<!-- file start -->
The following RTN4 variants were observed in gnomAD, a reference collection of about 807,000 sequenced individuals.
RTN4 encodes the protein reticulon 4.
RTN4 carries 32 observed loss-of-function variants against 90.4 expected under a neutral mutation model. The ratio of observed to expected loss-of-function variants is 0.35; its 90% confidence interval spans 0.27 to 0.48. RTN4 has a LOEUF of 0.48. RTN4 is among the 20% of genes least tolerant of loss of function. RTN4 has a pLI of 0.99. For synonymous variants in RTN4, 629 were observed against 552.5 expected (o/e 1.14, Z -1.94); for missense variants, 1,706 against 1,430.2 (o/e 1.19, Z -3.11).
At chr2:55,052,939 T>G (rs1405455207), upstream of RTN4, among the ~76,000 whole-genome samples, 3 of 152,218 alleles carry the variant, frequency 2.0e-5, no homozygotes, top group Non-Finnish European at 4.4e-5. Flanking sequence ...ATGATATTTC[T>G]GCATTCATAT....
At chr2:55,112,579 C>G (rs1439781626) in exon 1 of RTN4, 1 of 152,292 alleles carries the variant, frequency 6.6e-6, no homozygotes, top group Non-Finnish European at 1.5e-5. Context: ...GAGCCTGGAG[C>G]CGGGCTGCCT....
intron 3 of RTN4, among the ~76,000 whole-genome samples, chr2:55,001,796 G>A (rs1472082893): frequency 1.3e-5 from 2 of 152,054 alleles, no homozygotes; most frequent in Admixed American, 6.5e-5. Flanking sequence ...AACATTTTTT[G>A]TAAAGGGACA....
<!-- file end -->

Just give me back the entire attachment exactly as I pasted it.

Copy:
The following RTN4 variants were observed in gnomAD, a reference collection of about 807,000 sequenced individuals.
RTN4 encodes the protein reticulon 4.
RTN4 carries 32 observed loss-of-function variants against 90.4 expected under a neutral mutation model. The ratio of observed to expected loss-of-function variants is 0.35; its 90% confidence interval spans 0.27 to 0.48. RTN4 has a LOEUF of 0.48. RTN4 is among the 20% of genes least tolerant of loss of function. RTN4 has a pLI of 0.99. For synonymous variants in RTN4, 629 were observed against 552.5 expected (o/e 1.14, Z -1.94); for missense variants, 1,706 against 1,430.2 (o/e 1.19, Z -3.11).
At chr2:55,052,939 T>G (rs1405455207), upstream of RTN4, among the ~76,000 whole-genome samples, 3 of 152,218 alleles carry the variant, frequency 2.0e-5, no homozygotes, top group Non-Finnish European at 4.4e-5. Flanking sequence ...ATGATATTTC[T>G]GCATTCATAT....
At chr2:55,112,579 C>G (rs1439781626) in exon 1 of RTN4, 1 of 152,292 alleles carries the variant, frequency 6.6e-6, no homozygotes, top group Non-Finnish European at 1.5e-5. Context: ...GAGCCTGGAG[C>G]CGGGCTGCCT....
intron 3 of RTN4, among the ~76,000 whole-genome samples, chr2:55,001,796 G>A (rs1472082893): frequency 1.3e-5 from 2 of 152,054 alleles, no homozygotes; most frequent in Admixed American, 6.5e-5. Flanking sequence ...AACATTTTTT[G>A]TAAAGGGACA....